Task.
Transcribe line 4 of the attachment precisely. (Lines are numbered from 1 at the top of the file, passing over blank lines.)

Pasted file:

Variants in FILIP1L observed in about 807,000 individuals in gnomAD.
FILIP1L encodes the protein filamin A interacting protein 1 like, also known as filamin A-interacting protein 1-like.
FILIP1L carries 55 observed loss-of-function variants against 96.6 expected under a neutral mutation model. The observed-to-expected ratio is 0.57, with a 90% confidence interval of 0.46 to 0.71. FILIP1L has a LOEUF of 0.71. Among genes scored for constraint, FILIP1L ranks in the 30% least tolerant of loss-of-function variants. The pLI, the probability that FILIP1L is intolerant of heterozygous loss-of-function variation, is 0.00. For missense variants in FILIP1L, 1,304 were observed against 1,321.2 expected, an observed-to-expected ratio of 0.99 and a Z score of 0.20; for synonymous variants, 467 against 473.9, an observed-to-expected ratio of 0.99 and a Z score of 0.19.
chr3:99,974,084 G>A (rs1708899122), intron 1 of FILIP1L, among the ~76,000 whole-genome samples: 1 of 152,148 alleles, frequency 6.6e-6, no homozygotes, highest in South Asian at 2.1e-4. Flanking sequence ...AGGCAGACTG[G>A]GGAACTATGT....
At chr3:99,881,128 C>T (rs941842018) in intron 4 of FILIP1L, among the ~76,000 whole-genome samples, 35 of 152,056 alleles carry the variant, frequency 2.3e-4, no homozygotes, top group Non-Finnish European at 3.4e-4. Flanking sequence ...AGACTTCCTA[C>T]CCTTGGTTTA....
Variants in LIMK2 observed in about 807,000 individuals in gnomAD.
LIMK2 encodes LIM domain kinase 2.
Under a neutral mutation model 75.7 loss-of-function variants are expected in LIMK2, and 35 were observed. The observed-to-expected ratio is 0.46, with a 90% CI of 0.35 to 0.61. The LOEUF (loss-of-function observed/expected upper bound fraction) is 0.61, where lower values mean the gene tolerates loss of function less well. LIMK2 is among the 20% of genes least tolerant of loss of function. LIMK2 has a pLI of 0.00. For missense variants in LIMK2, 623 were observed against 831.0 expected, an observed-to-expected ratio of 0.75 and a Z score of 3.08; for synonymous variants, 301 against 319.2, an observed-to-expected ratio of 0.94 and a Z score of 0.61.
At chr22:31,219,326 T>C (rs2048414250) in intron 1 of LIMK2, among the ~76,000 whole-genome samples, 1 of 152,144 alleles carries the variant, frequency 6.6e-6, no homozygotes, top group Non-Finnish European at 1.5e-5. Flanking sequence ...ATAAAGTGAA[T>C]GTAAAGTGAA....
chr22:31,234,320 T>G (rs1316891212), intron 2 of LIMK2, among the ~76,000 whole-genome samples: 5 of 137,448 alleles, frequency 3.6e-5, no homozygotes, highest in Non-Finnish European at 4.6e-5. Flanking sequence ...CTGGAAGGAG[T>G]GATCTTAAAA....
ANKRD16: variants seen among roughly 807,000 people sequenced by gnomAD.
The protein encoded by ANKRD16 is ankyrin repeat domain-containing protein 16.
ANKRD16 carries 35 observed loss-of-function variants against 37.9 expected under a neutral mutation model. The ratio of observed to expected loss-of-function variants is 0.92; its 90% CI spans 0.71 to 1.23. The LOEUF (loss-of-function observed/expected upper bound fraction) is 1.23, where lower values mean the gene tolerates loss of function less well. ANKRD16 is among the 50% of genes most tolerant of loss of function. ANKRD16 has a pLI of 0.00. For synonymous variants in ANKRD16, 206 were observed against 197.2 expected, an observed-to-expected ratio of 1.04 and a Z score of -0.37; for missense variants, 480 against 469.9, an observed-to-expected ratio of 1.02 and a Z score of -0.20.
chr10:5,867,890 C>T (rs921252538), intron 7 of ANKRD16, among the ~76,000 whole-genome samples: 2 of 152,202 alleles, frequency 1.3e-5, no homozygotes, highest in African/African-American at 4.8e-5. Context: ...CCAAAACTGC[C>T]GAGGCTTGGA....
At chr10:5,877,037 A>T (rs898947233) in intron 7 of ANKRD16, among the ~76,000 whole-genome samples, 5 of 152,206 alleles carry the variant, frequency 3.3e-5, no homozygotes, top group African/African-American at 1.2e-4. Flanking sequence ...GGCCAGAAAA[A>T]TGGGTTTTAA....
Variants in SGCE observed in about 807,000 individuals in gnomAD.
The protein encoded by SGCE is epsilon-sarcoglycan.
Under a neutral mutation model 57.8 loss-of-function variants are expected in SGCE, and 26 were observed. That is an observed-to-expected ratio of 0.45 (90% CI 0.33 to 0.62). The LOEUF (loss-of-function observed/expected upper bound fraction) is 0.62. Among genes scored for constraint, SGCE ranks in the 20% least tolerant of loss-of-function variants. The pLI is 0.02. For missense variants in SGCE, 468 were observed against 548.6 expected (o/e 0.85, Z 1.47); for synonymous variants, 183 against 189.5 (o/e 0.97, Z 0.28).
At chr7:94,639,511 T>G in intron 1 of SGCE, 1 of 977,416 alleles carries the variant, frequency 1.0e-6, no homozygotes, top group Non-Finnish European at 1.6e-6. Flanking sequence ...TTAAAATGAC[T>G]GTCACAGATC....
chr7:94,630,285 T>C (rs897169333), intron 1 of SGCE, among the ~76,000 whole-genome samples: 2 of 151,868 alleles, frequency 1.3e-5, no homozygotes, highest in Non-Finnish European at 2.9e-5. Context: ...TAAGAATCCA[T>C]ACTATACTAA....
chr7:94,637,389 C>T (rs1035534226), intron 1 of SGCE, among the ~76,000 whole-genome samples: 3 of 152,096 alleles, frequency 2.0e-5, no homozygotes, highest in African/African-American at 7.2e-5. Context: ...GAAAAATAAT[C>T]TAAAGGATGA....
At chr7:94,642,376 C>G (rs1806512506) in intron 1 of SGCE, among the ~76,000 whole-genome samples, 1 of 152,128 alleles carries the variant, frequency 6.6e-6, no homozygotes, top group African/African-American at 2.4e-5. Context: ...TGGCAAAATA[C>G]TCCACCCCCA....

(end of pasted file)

chr3:99,974,084 G>A (rs1708899122), intron 1 of FILIP1L, among the ~76,000 whole-genome samples: 1 of 152,148 alleles, frequency 6.6e-6, no homozygotes, highest in South Asian at 2.1e-4. Flanking sequence ...AGGCAGACTG[G>A]GGAACTATGT....